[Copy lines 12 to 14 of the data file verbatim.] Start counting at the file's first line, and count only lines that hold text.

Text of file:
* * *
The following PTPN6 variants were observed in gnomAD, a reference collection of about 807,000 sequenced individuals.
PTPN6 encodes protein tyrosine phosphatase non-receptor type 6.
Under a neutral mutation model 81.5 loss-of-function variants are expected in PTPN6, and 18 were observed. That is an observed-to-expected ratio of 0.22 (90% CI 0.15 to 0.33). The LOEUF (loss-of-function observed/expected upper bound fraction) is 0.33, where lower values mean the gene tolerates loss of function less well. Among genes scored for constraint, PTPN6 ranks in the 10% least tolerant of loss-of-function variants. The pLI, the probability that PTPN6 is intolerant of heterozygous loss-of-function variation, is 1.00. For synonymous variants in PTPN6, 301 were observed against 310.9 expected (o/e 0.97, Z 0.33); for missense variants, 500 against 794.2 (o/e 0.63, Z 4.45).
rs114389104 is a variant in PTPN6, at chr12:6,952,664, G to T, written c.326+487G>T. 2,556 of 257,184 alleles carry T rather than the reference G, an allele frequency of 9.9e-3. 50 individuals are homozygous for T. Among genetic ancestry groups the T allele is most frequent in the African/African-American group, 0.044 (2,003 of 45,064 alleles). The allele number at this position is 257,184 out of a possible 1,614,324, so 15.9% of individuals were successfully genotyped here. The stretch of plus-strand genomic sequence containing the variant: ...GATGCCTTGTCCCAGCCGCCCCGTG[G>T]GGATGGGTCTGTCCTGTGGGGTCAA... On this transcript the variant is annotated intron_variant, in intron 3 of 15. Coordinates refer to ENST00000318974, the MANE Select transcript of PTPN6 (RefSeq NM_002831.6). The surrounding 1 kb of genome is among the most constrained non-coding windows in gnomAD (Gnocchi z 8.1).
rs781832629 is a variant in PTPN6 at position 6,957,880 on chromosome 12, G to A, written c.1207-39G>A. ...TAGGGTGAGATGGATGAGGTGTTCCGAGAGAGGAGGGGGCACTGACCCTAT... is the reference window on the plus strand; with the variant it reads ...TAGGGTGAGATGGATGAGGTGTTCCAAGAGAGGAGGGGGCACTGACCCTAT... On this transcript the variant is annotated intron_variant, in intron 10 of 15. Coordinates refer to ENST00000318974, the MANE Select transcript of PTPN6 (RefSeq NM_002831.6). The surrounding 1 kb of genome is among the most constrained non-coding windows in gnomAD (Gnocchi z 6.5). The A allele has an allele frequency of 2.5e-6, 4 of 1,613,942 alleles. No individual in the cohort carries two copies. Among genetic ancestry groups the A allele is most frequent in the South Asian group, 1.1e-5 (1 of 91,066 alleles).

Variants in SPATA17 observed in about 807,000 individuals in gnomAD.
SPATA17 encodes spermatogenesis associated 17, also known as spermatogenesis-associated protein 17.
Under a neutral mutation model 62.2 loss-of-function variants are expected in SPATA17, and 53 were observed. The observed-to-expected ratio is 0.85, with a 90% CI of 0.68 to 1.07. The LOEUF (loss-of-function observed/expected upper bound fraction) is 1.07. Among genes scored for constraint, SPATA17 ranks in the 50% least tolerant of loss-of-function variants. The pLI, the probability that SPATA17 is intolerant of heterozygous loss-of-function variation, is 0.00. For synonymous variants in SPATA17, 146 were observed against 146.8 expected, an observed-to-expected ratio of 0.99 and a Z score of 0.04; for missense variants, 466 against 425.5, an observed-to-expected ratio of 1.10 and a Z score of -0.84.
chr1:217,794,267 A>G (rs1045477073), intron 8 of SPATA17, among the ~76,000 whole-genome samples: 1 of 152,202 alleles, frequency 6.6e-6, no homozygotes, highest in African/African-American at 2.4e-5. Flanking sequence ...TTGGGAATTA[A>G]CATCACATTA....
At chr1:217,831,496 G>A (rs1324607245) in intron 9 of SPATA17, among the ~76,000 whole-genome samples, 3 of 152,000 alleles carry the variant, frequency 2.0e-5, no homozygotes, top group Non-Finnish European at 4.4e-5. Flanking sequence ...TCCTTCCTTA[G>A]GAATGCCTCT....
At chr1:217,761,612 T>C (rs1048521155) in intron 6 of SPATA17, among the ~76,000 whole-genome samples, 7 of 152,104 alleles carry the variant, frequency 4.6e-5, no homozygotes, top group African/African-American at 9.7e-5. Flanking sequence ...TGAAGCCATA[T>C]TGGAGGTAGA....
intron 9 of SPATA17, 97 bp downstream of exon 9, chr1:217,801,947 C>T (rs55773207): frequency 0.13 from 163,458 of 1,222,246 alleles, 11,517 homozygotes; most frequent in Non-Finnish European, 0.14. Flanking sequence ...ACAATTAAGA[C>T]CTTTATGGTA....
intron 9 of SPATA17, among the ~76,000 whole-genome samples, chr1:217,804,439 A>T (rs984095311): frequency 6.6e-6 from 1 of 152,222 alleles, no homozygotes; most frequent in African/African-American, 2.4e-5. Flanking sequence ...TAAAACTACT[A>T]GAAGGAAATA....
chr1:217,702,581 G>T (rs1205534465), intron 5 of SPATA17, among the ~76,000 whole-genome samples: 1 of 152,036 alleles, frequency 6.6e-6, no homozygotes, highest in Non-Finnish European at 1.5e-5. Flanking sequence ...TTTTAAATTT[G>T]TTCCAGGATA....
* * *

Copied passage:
intron 9 of SPATA17, 97 bp downstream of exon 9, chr1:217,801,947 C>T (rs55773207): frequency 0.13 from 163,458 of 1,222,246 alleles, 11,517 homozygotes; most frequent in Non-Finnish European, 0.14. Flanking sequence ...ACAATTAAGA[C>T]CTTTATGGTA....
intron 9 of SPATA17, among the ~76,000 whole-genome samples, chr1:217,804,439 A>T (rs984095311): frequency 6.6e-6 from 1 of 152,222 alleles, no homozygotes; most frequent in African/African-American, 2.4e-5. Flanking sequence ...TAAAACTACT[A>T]GAAGGAAATA....
chr1:217,702,581 G>T (rs1205534465), intron 5 of SPATA17, among the ~76,000 whole-genome samples: 1 of 152,036 alleles, frequency 6.6e-6, no homozygotes, highest in Non-Finnish European at 1.5e-5. Flanking sequence ...TTTTAAATTT[G>T]TTCCAGGATA....